Last week I spokeabout finishing the latest draft of my novel, and how I dashed from the trainto a coffee shop to get everything finished. I was on a roll, and I wanted toget it done! So this week I thought I’d share a little about how I managed toturn my commute into what I like to call a ‘creative cauldron.’ It’s helpedwith my latest drafts, and it’s helped my writing across the board. Iwholeheartedly recommend it!
My commute ain’t easy bud. I outlined it way back in one of the first posts on the blog and since then, if anything, it’s got more difficult. I’ve moved house, and have decided to cycle when I get into London. That means I’ve moved my departure time forward to get into the big city before the crowds and the traffic increase at the height of rush hour, and everything starts to get very dangerous for cyclists.
When that alarm goes off at 5.45 I let out a little grown. Luckily I’m a morning person, but 5.45 still feels like the night some mornings (especially now in the beginning of November, when the darkness can be oppressive). Then I’m down the hill (thank goodness for the downhill!) and onto the train. Then fifty minutes on the train (if I’m lucky) and twenty minutes on the bike in London. Then I start work. So I’d count that as a pretty hardcore commute.
I’m sure there’s people with more difficult commutes than me, but this one can sometimes hit me hard. The trick with a challenge though? Turn it into an opportunity!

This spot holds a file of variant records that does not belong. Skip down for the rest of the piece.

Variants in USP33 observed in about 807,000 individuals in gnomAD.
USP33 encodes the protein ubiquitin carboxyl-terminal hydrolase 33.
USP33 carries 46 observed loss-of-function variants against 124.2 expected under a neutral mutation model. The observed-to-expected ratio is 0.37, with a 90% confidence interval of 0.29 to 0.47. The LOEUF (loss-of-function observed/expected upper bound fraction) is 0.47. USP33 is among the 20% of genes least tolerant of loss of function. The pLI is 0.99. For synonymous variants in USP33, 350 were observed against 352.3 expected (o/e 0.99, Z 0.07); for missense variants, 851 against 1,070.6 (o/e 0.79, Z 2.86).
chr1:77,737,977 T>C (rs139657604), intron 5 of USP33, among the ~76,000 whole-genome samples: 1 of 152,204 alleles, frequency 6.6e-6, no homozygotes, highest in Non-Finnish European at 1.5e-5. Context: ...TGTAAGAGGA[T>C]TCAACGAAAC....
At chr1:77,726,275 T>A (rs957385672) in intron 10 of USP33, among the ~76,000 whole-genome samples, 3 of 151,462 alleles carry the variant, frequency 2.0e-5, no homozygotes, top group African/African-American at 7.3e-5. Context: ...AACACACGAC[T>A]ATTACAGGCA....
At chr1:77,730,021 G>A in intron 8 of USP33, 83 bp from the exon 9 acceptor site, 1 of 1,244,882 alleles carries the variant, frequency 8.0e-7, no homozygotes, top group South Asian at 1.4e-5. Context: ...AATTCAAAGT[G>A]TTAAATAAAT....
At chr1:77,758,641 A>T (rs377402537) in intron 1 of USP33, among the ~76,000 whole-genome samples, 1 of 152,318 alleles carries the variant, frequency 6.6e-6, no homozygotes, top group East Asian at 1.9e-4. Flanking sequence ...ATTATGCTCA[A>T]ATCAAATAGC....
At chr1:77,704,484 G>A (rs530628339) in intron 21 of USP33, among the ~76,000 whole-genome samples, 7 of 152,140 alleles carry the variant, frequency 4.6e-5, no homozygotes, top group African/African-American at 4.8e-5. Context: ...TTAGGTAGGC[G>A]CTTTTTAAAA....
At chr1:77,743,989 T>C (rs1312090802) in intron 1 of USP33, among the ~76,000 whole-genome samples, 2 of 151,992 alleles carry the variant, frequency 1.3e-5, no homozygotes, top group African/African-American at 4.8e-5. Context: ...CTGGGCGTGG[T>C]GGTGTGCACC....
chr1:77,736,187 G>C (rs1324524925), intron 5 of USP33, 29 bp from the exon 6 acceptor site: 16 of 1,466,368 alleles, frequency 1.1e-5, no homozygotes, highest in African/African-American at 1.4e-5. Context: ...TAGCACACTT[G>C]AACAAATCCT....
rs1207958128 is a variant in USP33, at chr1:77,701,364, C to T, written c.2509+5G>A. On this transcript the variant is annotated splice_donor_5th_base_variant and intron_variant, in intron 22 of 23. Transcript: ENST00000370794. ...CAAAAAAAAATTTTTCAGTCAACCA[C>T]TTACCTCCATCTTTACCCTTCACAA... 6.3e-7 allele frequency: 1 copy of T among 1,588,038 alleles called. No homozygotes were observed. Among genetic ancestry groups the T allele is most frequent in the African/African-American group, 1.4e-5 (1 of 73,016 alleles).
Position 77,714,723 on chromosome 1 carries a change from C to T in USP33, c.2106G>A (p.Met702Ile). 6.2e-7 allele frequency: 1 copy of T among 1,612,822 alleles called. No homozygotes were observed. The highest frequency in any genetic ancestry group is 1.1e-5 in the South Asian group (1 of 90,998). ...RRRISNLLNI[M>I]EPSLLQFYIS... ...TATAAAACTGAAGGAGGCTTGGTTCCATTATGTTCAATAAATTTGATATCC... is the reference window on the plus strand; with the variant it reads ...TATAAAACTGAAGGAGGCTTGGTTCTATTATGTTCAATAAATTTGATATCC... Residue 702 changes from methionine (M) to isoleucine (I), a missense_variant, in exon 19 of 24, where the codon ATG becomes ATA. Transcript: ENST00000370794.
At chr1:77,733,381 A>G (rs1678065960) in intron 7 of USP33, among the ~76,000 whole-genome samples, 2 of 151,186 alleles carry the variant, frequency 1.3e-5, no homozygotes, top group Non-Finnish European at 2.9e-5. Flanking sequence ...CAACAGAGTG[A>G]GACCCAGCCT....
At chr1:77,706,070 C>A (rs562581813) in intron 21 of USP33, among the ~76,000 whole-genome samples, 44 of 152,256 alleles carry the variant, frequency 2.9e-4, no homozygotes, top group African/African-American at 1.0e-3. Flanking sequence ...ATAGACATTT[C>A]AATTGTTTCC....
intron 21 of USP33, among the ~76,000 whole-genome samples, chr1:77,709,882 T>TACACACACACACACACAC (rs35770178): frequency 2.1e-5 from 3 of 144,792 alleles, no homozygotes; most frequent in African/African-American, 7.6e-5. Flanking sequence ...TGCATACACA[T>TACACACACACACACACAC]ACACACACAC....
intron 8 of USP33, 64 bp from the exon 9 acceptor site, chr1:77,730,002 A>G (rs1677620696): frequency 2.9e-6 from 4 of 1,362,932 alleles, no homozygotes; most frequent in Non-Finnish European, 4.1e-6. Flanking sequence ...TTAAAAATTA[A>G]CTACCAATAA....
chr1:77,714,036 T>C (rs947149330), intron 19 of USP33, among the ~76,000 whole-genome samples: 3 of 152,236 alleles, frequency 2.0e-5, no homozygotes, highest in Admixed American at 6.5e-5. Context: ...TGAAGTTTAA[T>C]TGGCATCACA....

A creative cauldron
Every morning, providing I get a seat, I take a second to check my emails and close my eyes. I made it down the hill, I made it onto the train. Well done Phil. I think a little about what I’d like to do on the train, and what tools I have to accomplish it. Depending on the status of my latest creative project I might have a notebook with me, or I might have my laptop. So the I ask myself the question what do I want to do today?
The best bit about the crappy wifi on the trains I use is that when I have the laptop open there’s no internet to distract me. I can look at old emails all I like, but my main source of entertainment becomes my writing. That’s important to me – especially on the days that I’m distracted or tired (see below) – as it means I don’t really have a choice but to write. Have you tried changing your own environment to create these situation? Perhaps it means flight mode, perhaps it means leaving the house and writing in a café that you don’t know the wifi password.But there will be a way you can do it. We’re so distracted with social media these days that it’s difficult to focus on the things that we enjoy doing. But we must.
Sometimes, I’ll start writing and my eyes will close or cross. The weather outside will be creating an interesting vista (at least until we reach London) and I’ll want to take in some of the lovely Essex countryside. On those days I don’t want to write. My brain won’t like it. It won’t let me think of anything creative, anything boring, anything at all. Or I’ll be falling asleep. It probabably happens to you to. It happens to every writer.
The trick is not to punish yourself for the rest of the day if your creative cauldron overturns. Remember, everyone wants you to do well, and writing is a marathon not a sprint. Try and get something down, even if it’s a sentence. Then take that success with you. One sentence today means that tomorrow guess what – you have one less sentence to write.
The creative cauldron
For most of us, a commute is a nessecary evil. But hopefully I’ve inspired you to have a go at turning it into something a little more useful. When you get used to it, you’ll be writing so much in your time on the train or bus you won’t remember how you used to write without the clackety clack of wheels, or the car horns outside.